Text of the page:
Social Security Myth Debunked

By Tom Margenau

November 12, 2013 7 min read

Recently, several readers sent me yet another in the long line of damnable lies that are being spread in cyberspace about Social Security.

The salacious email reads, in part: "Once again the government has shown it can't do anything right. The Social Security Administration reports that it has hundreds of billions of dollars in unspent funds sitting around in something called the 'suspense file.' This is further proof that we can't let the b------- in Washington raise our taxes by one nickel until they get rid of all the waste, fraud and mismanagement of the tax money they already collect from us!"

The email goes on to accuse President Barack Obama of "instituting the corrupt policies that led to all this waste."

I will use this column to give you the facts about the so-called suspense file that the Social Security Administration maintains.

The suspense file, which has been around since the 1930s (before President Obama was even born), doesn't contain even one nickel in funds. It simply contains paper and electronic records of unreportable income. Let me explain.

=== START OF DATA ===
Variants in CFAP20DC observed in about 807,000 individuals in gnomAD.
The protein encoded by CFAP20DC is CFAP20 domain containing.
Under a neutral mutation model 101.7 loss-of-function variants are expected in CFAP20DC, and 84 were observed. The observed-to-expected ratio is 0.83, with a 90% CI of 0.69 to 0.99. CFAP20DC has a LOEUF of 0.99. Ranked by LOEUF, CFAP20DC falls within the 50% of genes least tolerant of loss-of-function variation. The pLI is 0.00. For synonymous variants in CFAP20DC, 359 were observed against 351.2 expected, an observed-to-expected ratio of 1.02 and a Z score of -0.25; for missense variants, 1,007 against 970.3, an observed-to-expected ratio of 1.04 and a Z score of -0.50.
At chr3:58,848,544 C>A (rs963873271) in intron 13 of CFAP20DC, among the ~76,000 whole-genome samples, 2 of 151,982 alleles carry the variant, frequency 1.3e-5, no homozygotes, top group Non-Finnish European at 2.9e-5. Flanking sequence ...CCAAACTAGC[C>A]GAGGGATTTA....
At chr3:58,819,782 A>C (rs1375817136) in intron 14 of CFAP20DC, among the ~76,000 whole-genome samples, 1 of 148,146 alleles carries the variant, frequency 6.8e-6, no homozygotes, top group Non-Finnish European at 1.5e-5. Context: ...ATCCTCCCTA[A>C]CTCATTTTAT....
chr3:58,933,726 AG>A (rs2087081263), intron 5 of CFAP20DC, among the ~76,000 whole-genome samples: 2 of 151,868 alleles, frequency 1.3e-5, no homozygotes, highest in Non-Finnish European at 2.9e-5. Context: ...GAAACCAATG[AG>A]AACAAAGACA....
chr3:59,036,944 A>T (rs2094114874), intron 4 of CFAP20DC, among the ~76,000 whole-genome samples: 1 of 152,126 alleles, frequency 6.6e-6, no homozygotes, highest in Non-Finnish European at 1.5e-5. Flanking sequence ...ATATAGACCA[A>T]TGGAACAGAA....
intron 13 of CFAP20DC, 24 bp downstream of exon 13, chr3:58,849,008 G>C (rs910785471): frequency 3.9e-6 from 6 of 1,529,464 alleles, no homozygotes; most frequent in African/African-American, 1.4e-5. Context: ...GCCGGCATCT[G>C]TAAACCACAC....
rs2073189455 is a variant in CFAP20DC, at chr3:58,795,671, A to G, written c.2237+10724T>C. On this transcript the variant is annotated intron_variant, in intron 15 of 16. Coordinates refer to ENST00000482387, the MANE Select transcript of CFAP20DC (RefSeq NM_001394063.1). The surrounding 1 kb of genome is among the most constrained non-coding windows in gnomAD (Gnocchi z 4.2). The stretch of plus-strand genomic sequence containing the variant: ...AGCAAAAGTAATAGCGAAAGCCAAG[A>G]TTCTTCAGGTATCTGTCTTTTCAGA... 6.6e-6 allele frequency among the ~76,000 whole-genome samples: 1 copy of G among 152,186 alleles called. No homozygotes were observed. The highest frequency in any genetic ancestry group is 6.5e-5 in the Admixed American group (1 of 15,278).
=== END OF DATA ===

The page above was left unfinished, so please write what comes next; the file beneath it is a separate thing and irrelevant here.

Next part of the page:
When people work at a job, their employer withholds Social Security taxes (and matches that tax payment with an equal amount of money). Those withheld funds are sent directly to the U.S. Department of the Treasury -- about $2.5 billion deposited to the Treasury every day in Social Security tax collections. The government instantly spends that money for whatever the federal government spends money on -- everything from veterans hospitals to National Park Service employee salaries to NASA rockets to air traffic control computers. At the same time, the Treasury Department deposits a Treasury note into the Social Security trust funds for the money received. (Social Security currently has more than $1 trillion in Treasury notes in its funds.) Social Security checks are paid three times a month. So three times each month, SSA redeems enough Treasury bonds to cover the billions of dollars' worth of Social Security checks it is sending out that day. The Treasury Department credits the Social Security funds for those bonds -- with interest. Social Security has been working this way for about 80 years now.